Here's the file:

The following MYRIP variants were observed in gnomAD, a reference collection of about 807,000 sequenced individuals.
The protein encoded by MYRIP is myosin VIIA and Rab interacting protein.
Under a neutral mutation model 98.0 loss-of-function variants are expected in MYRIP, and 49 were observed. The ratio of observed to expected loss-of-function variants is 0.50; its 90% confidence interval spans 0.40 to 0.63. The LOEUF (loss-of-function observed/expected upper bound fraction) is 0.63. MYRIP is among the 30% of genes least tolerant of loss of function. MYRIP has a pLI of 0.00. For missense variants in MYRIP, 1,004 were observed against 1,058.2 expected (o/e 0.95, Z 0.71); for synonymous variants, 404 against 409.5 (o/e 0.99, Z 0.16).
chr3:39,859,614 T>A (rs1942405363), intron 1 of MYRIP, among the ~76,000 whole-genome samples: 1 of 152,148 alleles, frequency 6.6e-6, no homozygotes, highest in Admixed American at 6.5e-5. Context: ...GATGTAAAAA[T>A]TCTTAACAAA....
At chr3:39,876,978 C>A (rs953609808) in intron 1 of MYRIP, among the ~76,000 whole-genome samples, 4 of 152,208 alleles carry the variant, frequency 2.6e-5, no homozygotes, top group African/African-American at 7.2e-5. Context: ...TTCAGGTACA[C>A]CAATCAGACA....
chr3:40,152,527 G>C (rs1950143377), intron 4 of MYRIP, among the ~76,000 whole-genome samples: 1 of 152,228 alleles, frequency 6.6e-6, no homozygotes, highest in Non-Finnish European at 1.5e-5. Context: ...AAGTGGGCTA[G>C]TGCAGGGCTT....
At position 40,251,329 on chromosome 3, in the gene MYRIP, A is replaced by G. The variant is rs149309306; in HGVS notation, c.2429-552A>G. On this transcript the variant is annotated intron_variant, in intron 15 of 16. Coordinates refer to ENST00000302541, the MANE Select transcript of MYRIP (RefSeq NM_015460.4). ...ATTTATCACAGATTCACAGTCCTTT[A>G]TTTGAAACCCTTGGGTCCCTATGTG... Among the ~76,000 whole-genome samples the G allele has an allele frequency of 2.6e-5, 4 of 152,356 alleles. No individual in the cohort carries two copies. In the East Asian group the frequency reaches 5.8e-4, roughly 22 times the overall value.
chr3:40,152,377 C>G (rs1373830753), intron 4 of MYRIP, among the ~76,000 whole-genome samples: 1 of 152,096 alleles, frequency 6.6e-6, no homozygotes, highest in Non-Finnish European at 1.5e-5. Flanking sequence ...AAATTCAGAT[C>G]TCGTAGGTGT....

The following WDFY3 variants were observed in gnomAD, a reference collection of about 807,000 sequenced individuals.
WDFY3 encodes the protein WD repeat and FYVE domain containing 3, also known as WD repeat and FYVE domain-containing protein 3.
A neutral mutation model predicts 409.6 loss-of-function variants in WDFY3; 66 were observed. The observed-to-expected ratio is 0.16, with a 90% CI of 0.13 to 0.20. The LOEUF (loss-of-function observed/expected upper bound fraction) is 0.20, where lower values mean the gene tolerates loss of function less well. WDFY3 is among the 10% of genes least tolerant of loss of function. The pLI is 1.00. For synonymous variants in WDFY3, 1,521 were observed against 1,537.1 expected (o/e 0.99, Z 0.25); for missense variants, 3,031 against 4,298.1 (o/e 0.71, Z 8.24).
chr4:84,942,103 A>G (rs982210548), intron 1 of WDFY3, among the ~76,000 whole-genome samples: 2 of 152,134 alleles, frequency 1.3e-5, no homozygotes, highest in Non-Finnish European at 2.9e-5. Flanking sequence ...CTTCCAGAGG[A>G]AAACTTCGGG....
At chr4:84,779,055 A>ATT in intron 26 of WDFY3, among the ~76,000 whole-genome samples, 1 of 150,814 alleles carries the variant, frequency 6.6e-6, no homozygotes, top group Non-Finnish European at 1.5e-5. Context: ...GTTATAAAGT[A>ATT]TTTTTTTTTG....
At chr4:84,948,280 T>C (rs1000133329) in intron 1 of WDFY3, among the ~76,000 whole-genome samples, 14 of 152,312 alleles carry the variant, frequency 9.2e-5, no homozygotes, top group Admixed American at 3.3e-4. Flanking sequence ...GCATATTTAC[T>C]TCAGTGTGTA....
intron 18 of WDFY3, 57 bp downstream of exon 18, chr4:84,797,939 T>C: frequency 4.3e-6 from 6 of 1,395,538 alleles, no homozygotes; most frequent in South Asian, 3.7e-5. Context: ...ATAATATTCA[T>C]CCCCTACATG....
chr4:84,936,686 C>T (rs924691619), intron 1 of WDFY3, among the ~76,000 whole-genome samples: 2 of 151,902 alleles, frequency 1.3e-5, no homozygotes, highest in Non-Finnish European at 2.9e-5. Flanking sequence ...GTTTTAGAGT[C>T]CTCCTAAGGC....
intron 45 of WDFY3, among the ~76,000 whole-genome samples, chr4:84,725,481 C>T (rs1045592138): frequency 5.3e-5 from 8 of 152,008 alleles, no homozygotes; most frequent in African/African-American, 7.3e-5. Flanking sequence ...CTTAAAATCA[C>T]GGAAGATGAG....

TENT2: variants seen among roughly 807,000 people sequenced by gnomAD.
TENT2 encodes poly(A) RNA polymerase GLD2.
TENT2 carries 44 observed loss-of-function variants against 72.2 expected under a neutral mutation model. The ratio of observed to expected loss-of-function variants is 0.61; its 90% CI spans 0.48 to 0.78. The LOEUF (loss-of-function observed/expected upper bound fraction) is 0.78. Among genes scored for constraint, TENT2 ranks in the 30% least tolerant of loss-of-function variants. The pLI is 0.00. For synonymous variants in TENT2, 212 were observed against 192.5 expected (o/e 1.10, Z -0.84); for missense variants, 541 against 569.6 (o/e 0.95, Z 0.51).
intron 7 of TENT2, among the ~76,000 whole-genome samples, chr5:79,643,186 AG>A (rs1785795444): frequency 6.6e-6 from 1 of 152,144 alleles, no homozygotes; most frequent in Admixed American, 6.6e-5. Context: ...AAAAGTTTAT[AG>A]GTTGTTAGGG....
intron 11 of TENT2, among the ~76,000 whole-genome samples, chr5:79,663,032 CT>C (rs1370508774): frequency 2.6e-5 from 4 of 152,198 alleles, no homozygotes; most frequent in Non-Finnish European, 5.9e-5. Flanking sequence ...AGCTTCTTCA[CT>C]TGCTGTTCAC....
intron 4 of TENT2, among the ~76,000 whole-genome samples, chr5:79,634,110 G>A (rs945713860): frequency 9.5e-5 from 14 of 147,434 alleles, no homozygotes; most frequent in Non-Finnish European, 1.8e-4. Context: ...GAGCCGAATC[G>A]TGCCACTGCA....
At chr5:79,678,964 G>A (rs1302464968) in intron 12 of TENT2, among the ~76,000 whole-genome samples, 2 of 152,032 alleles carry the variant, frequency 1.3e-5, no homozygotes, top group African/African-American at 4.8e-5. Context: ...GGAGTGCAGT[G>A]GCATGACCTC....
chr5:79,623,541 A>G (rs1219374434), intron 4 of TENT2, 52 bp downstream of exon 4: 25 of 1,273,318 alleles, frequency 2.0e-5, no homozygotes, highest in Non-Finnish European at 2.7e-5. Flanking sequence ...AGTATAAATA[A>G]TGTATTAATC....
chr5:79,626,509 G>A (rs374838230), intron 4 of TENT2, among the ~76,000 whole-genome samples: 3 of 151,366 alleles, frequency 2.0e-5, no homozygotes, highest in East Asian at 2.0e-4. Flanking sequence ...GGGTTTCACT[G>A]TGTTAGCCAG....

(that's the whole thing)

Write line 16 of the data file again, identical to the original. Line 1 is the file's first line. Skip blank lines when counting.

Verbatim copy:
chr4:84,936,686 C>T (rs924691619), intron 1 of WDFY3, among the ~76,000 whole-genome samples: 2 of 151,902 alleles, frequency 1.3e-5, no homozygotes, highest in Non-Finnish European at 2.9e-5. Flanking sequence ...GTTTTAGAGT[C>T]CTCCTAAGGC....